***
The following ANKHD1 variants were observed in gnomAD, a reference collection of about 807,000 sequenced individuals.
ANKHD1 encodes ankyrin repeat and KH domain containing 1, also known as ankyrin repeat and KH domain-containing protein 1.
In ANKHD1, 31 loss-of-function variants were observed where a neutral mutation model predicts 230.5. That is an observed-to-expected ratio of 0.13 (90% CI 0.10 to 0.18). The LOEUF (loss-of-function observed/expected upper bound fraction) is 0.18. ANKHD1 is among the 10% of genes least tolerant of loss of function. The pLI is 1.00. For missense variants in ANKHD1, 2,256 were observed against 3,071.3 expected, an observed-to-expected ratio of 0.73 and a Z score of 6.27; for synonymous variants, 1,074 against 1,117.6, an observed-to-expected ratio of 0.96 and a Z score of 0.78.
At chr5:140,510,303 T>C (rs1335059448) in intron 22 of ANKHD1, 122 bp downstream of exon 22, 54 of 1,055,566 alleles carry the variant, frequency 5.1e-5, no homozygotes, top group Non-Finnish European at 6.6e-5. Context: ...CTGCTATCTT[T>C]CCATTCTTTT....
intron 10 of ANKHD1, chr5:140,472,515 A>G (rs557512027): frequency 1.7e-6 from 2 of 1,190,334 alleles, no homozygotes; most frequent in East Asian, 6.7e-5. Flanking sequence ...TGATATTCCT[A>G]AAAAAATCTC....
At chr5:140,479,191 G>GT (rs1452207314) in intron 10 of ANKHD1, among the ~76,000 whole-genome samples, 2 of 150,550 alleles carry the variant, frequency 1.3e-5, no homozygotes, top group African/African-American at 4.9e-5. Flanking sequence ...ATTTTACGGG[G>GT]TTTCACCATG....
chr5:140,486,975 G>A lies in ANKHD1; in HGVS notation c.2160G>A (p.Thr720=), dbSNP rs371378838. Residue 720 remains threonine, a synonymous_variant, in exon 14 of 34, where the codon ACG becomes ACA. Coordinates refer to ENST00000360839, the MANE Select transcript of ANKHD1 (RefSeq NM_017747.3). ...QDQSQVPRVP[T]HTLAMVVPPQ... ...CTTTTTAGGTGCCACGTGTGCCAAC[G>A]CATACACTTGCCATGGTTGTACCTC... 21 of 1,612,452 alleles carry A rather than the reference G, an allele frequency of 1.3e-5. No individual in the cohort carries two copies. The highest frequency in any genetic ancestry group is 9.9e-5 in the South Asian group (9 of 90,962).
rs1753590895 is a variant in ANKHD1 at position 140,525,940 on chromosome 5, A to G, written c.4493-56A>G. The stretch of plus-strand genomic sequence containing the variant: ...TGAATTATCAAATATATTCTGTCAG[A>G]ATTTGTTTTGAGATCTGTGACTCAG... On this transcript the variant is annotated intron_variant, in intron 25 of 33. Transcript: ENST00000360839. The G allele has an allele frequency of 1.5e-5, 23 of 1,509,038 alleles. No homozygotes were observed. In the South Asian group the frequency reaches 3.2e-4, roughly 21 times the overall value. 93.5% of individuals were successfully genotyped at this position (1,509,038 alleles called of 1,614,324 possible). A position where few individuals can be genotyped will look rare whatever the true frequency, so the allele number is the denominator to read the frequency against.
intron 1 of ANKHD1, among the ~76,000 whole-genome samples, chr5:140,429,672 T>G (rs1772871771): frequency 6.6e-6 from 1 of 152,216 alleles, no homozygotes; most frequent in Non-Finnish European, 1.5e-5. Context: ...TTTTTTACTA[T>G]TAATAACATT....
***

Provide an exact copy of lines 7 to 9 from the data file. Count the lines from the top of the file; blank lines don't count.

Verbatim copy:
chr5:140,486,975 G>A lies in ANKHD1; in HGVS notation c.2160G>A (p.Thr720=), dbSNP rs371378838. Residue 720 remains threonine, a synonymous_variant, in exon 14 of 34, where the codon ACG becomes ACA. Coordinates refer to ENST00000360839, the MANE Select transcript of ANKHD1 (RefSeq NM_017747.3). ...QDQSQVPRVP[T]HTLAMVVPPQ... ...CTTTTTAGGTGCCACGTGTGCCAAC[G>A]CATACACTTGCCATGGTTGTACCTC... 21 of 1,612,452 alleles carry A rather than the reference G, an allele frequency of 1.3e-5. No individual in the cohort carries two copies. The highest frequency in any genetic ancestry group is 9.9e-5 in the South Asian group (9 of 90,962).
rs1753590895 is a variant in ANKHD1 at position 140,525,940 on chromosome 5, A to G, written c.4493-56A>G. The stretch of plus-strand genomic sequence containing the variant: ...TGAATTATCAAATATATTCTGTCAG[A>G]ATTTGTTTTGAGATCTGTGACTCAG... On this transcript the variant is annotated intron_variant, in intron 25 of 33. Transcript: ENST00000360839. The G allele has an allele frequency of 1.5e-5, 23 of 1,509,038 alleles. No homozygotes were observed. In the South Asian group the frequency reaches 3.2e-4, roughly 21 times the overall value. 93.5% of individuals were successfully genotyped at this position (1,509,038 alleles called of 1,614,324 possible). A position where few individuals can be genotyped will look rare whatever the true frequency, so the allele number is the denominator to read the frequency against.
intron 1 of ANKHD1, among the ~76,000 whole-genome samples, chr5:140,429,672 T>G (rs1772871771): frequency 6.6e-6 from 1 of 152,216 alleles, no homozygotes; most frequent in Non-Finnish European, 1.5e-5. Context: ...TTTTTTACTA[T>G]TAATAACATT....